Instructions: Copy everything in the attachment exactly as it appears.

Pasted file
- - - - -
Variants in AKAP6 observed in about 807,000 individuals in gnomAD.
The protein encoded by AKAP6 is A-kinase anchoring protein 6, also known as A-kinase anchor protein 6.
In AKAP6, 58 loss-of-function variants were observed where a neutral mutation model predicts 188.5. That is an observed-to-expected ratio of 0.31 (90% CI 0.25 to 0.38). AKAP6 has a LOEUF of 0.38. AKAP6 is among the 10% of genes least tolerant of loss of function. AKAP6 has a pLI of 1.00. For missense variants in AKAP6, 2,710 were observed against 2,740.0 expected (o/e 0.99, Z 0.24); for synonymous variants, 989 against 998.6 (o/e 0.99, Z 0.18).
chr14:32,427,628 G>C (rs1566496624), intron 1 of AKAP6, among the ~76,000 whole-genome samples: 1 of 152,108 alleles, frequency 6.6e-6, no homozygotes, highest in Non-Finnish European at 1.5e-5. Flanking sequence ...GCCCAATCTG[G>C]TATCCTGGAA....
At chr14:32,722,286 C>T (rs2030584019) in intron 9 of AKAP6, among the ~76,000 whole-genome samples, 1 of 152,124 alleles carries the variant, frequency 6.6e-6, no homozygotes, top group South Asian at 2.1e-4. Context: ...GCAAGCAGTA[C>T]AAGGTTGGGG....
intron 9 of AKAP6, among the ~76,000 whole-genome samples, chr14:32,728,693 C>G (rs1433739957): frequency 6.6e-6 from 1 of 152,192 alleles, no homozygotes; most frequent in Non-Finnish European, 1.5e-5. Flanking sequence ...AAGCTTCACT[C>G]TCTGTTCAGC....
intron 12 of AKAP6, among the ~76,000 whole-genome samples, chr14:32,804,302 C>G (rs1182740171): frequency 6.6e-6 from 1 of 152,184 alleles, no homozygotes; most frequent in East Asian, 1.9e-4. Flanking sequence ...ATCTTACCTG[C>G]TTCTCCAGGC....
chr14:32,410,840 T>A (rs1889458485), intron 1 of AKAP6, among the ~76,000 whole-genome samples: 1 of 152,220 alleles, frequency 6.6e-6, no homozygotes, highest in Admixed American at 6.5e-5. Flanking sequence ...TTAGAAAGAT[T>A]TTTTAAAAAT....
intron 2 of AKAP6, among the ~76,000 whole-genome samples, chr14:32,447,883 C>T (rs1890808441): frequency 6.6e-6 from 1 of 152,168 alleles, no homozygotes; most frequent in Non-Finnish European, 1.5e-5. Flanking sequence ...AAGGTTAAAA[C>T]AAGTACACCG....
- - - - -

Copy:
Variants in AKAP6 observed in about 807,000 individuals in gnomAD.
The protein encoded by AKAP6 is A-kinase anchoring protein 6, also known as A-kinase anchor protein 6.
In AKAP6, 58 loss-of-function variants were observed where a neutral mutation model predicts 188.5. That is an observed-to-expected ratio of 0.31 (90% CI 0.25 to 0.38). AKAP6 has a LOEUF of 0.38. AKAP6 is among the 10% of genes least tolerant of loss of function. AKAP6 has a pLI of 1.00. For missense variants in AKAP6, 2,710 were observed against 2,740.0 expected (o/e 0.99, Z 0.24); for synonymous variants, 989 against 998.6 (o/e 0.99, Z 0.18).
chr14:32,427,628 G>C (rs1566496624), intron 1 of AKAP6, among the ~76,000 whole-genome samples: 1 of 152,108 alleles, frequency 6.6e-6, no homozygotes, highest in Non-Finnish European at 1.5e-5. Flanking sequence ...GCCCAATCTG[G>C]TATCCTGGAA....
At chr14:32,722,286 C>T (rs2030584019) in intron 9 of AKAP6, among the ~76,000 whole-genome samples, 1 of 152,124 alleles carries the variant, frequency 6.6e-6, no homozygotes, top group South Asian at 2.1e-4. Context: ...GCAAGCAGTA[C>T]AAGGTTGGGG....
intron 9 of AKAP6, among the ~76,000 whole-genome samples, chr14:32,728,693 C>G (rs1433739957): frequency 6.6e-6 from 1 of 152,192 alleles, no homozygotes; most frequent in Non-Finnish European, 1.5e-5. Flanking sequence ...AAGCTTCACT[C>G]TCTGTTCAGC....
intron 12 of AKAP6, among the ~76,000 whole-genome samples, chr14:32,804,302 C>G (rs1182740171): frequency 6.6e-6 from 1 of 152,184 alleles, no homozygotes; most frequent in East Asian, 1.9e-4. Flanking sequence ...ATCTTACCTG[C>G]TTCTCCAGGC....
chr14:32,410,840 T>A (rs1889458485), intron 1 of AKAP6, among the ~76,000 whole-genome samples: 1 of 152,220 alleles, frequency 6.6e-6, no homozygotes, highest in Admixed American at 6.5e-5. Flanking sequence ...TTAGAAAGAT[T>A]TTTTAAAAAT....
intron 2 of AKAP6, among the ~76,000 whole-genome samples, chr14:32,447,883 C>T (rs1890808441): frequency 6.6e-6 from 1 of 152,168 alleles, no homozygotes; most frequent in Non-Finnish European, 1.5e-5. Flanking sequence ...AAGGTTAAAA[C>T]AAGTACACCG....